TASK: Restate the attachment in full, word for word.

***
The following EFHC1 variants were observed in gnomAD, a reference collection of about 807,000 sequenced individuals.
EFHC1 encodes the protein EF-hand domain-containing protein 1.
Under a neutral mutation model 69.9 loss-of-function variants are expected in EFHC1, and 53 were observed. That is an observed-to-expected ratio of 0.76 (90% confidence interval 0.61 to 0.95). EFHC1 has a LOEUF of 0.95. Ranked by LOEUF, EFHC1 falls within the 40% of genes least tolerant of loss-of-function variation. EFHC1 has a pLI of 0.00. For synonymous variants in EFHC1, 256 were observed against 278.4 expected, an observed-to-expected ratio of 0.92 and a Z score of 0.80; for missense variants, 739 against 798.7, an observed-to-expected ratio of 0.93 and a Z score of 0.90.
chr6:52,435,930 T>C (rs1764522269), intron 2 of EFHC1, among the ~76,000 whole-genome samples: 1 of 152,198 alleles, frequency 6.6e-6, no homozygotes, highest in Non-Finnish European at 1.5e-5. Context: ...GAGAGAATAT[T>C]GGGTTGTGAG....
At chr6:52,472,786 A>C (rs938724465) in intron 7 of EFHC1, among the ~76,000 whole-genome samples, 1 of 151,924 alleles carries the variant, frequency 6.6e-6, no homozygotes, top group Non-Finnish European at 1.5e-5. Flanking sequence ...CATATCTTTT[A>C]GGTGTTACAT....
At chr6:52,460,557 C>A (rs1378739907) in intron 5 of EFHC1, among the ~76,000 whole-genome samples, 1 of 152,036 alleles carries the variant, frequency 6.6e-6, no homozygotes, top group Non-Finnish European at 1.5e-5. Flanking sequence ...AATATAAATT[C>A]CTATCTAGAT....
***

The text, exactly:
The following EFHC1 variants were observed in gnomAD, a reference collection of about 807,000 sequenced individuals.
EFHC1 encodes the protein EF-hand domain-containing protein 1.
Under a neutral mutation model 69.9 loss-of-function variants are expected in EFHC1, and 53 were observed. That is an observed-to-expected ratio of 0.76 (90% confidence interval 0.61 to 0.95). EFHC1 has a LOEUF of 0.95. Ranked by LOEUF, EFHC1 falls within the 40% of genes least tolerant of loss-of-function variation. EFHC1 has a pLI of 0.00. For synonymous variants in EFHC1, 256 were observed against 278.4 expected, an observed-to-expected ratio of 0.92 and a Z score of 0.80; for missense variants, 739 against 798.7, an observed-to-expected ratio of 0.93 and a Z score of 0.90.
chr6:52,435,930 T>C (rs1764522269), intron 2 of EFHC1, among the ~76,000 whole-genome samples: 1 of 152,198 alleles, frequency 6.6e-6, no homozygotes, highest in Non-Finnish European at 1.5e-5. Context: ...GAGAGAATAT[T>C]GGGTTGTGAG....
At chr6:52,472,786 A>C (rs938724465) in intron 7 of EFHC1, among the ~76,000 whole-genome samples, 1 of 151,924 alleles carries the variant, frequency 6.6e-6, no homozygotes, top group Non-Finnish European at 1.5e-5. Flanking sequence ...CATATCTTTT[A>C]GGTGTTACAT....
At chr6:52,460,557 C>A (rs1378739907) in intron 5 of EFHC1, among the ~76,000 whole-genome samples, 1 of 152,036 alleles carries the variant, frequency 6.6e-6, no homozygotes, top group Non-Finnish European at 1.5e-5. Flanking sequence ...AATATAAATT[C>A]CTATCTAGAT....